Performance characterisation of a separated heat-pipe-heat-recovery-heat-exchanger for the food drying industry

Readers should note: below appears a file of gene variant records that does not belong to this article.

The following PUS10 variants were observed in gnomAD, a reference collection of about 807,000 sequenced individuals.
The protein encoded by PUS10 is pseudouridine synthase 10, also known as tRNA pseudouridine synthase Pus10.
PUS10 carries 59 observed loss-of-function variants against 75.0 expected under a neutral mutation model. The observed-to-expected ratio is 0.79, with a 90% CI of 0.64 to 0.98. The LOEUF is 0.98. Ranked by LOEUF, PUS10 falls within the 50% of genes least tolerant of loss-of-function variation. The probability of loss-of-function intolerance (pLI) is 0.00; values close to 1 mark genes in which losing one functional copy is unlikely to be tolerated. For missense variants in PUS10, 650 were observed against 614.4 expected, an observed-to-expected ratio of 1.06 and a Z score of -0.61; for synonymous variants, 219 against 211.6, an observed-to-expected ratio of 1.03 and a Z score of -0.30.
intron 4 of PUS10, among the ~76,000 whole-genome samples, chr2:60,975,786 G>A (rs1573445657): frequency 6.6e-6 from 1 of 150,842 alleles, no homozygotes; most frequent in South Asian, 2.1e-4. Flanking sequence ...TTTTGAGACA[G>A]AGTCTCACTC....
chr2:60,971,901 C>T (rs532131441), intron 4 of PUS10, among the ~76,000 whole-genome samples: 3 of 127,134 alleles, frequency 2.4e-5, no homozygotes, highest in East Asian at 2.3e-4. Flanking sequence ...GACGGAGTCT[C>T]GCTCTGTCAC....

This paper presents the performance evaluation of a separated-HPHRHE for use in the food processing industry. The outside heat transfer coefficients were obtained by passing hot air over a HPHE filled with cold water and of similar geometry to the HPHE’s used for the separated-HPHE. The inside heat transfer coefficients for the separated-HPHE were determined with R600a, R134a and R123 as working fluids. The experiments were undertaken at various temperatures and flow rates. The results showed that R600a works the most effectively in the temperature range considered and this is expected since R600a is less dense and has a higher latent heat of vaporisation than both R134a and R123. As an example, the R600a charged separated-HPHE yielded heat transfer rates in the region of 9352 W compared to the 7017 W and 4555 W yielded for R134a and R123 respectively at an air temperature difference of 27 °C and mass flow rate of 0.841 kg/s. The as-tested separated-HPHRHE was shown to have worked effectively (recovering up to 90 % of the of the dryer exhaust heat) for typical food industry drying temperatures of between 25-80 °C. Additionally, the theoretical simulation models for the HPHRHE was validated in as much that its energy saving performance was within 12 % of the as-tested experimental models; and thus it was demonstrated that substantial energy cost saving could be realised using standard heat exchanger manufacturing technology. It is recommended that notwithstanding accuracies of roughly 22 % obtained by the theoretically predicted correlations to the experimental work, the heat exchanger design should be optimised to allow better refrigerant flow and various performance parameters such as liquid fill charge ratio and condenser/evaporator length dependencies should be further investigated.